The performance of the structure is not very impressive. The number of elements, , stored in the structure is at most , so . In other words, any of the comparisonbased structures described in other parts of this book are at least as efficient as a , and are not restricted to only storing integers.
Next we describe the , which is just a with hash tablesone for each level of the trie. These hash tables are used to speed up the operation to time. Recall that the operation in a is almost complete once we reach a node, , where the search path for would like to proceed to (or ) but has no right (respectively, left) child. At this point, the search uses to jump to a leaf, , of the and either return or its successor in the linked list of leaves. An speeds up the search process by using binary search on the levels of the trie to locate the node .
To use binary search, we need a way to determine if the node we are looking for is above a particular level, , of if is at or below level . This information is given by the highestorder bits in the binary representation of ; these bits determine the search path that takes from the root to level . For an example, refer to Figure 13.6; in this figure the last node, , on search path for 14 (whose binary representation is 1110) is the node labelled at level 2 because there is no node labelled at level 3. Thus, we can label each node at level with an bit integer. Then, the node we are searching for would be at or below level if and only if there is a node at level whose label matches the highestorder bits of .

In an , we store, for each , all the nodes at level in a , , that is implemented as a hash table (Chapter 5). Using this allows us to check in constant expected time if there is a node at level whose label matches the highestorder bits of . In fact, we can even find this node using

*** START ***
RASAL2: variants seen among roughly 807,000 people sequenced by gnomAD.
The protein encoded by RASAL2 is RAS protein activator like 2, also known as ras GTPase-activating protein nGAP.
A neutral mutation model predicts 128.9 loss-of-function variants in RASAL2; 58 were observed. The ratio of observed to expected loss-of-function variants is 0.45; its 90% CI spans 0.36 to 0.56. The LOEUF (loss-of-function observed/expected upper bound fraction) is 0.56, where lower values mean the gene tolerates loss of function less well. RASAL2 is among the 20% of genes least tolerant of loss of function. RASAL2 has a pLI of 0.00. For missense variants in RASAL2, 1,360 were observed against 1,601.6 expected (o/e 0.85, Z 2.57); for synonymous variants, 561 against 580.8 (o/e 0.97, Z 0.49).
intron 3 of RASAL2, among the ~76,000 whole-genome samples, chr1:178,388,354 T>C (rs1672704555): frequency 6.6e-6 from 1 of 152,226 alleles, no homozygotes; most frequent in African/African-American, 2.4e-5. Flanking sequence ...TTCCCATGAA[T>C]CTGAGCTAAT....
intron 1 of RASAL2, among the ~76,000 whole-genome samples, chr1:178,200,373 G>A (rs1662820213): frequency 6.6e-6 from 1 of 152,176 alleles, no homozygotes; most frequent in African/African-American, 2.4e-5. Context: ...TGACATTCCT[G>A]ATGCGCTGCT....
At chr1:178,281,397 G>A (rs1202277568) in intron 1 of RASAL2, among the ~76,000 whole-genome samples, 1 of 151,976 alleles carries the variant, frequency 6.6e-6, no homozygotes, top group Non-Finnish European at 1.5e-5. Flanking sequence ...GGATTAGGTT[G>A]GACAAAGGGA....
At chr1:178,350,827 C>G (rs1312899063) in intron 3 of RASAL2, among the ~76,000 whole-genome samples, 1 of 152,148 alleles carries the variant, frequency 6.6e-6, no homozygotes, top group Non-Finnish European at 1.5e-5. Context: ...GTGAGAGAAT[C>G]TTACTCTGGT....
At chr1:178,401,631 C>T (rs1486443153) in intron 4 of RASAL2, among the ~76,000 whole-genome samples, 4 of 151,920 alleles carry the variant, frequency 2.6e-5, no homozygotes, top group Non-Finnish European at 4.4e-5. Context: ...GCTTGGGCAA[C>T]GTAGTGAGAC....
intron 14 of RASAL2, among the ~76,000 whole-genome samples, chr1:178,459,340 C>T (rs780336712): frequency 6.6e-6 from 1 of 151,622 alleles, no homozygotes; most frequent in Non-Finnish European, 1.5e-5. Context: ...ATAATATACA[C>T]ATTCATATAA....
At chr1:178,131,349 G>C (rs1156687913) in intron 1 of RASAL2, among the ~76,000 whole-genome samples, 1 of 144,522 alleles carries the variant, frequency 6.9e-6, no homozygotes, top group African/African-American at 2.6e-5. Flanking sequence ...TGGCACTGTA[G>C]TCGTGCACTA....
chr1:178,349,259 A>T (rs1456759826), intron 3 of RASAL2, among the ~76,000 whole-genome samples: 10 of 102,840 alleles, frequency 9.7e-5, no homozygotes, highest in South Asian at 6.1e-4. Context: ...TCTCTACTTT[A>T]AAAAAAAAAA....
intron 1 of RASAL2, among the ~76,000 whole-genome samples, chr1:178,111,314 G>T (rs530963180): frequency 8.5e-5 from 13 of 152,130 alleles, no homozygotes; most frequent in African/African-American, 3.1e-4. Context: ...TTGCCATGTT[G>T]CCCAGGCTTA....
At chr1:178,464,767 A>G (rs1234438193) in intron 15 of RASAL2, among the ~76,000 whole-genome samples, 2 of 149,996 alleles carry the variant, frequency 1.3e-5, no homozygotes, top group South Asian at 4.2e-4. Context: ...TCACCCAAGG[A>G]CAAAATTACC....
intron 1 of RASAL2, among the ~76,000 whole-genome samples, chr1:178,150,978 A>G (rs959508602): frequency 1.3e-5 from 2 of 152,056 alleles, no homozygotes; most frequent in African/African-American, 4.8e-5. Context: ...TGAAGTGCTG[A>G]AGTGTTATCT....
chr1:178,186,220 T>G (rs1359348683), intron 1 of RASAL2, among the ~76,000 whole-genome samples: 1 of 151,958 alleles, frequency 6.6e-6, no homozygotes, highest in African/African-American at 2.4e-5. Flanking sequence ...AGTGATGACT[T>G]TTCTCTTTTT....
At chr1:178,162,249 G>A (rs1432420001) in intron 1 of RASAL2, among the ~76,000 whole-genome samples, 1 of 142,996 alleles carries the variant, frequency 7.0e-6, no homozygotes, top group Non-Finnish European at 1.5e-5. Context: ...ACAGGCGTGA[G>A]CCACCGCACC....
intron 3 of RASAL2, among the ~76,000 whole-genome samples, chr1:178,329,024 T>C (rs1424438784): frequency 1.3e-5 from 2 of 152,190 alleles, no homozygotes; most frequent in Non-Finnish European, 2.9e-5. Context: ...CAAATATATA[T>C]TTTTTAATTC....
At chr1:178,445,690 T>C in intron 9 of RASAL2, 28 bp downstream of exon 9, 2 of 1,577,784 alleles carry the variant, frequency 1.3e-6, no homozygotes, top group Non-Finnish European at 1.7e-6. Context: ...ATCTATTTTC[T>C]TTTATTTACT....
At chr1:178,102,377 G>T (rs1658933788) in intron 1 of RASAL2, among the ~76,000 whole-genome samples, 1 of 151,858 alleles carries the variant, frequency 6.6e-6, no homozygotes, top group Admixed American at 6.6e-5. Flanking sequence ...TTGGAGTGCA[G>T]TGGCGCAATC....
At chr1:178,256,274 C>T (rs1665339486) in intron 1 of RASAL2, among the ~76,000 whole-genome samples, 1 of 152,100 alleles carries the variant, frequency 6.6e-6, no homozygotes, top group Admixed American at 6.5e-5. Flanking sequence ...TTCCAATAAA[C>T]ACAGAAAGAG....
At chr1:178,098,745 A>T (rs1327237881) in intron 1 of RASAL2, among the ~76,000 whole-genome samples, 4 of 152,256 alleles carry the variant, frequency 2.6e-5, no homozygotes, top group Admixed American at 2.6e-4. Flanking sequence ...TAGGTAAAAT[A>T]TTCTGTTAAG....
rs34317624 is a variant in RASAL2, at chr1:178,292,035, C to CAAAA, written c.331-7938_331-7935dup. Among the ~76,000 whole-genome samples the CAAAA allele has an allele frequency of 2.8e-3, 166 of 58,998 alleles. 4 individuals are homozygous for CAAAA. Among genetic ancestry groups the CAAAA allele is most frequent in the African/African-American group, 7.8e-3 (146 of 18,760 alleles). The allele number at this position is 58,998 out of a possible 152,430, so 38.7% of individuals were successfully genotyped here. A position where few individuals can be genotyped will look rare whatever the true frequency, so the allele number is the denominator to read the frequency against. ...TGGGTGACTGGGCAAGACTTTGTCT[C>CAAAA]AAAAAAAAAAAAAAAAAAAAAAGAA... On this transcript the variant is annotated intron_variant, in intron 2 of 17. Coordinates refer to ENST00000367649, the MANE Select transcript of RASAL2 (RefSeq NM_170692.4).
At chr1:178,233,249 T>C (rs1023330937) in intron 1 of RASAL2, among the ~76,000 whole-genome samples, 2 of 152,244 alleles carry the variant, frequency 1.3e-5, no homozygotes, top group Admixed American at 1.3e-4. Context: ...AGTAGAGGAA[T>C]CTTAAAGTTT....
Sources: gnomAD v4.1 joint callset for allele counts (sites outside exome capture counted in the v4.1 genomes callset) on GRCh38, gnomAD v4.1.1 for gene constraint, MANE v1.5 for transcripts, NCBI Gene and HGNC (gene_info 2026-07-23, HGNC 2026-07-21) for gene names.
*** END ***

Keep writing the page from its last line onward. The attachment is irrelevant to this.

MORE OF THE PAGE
The hash tables allow us to use binary search to find . Initially, we know that is at some level with . We therefore initialize and and repeatedly look at the hash table , where . If contains a node whose label matches 's highestorder bits then we set ( is at or below level ); otherwise we set ( is above level ). This process terminates when , in which case we determine that is at level . We then complete the operation using and the doublylinked list of leaves.
T find(T x) { int l = 0, h = w+1; unsigned ix = intValue(x); Node *v, *u = &r; while (hl > 1) { int i = (l+h)/2; XPair<Node> p(ix >> (wi)); if ((v = t[i].find(p).u) == NULL) { h = i; } else { u = v; l = i; } } if (l == w) return u>x; Node *pred = (((ix >> (wl1)) & 1) == 1) ? u>jump : u>jump>prev; return (pred>next == &dummy) ? nullt : pred>next>x; }Each iteration of the loop in the above method decreases by roughly a factor of two, so this loop finds after iterations. Each iteration performs a constant amount of work and one operation in a , which takes a constant expected amount of time. The remaining work takes only constant time, so the method in an takes only expected time.
The and methods for an are almost identical to the same methods in a . The only modifications are for managing the hash tables ,..., . During the operation, when a new node is created at level , this node is added to . During a operation, when a node is removed form level , this node is removed from . Since adding and removing from a hash table take constant expected time, this does not increase the running times of and by more than a constant factor. We omit a code listing for and since the code is almost identical to the (long) code listing already provided for the same methods in a .
The following theorem summarizes the performance of an :
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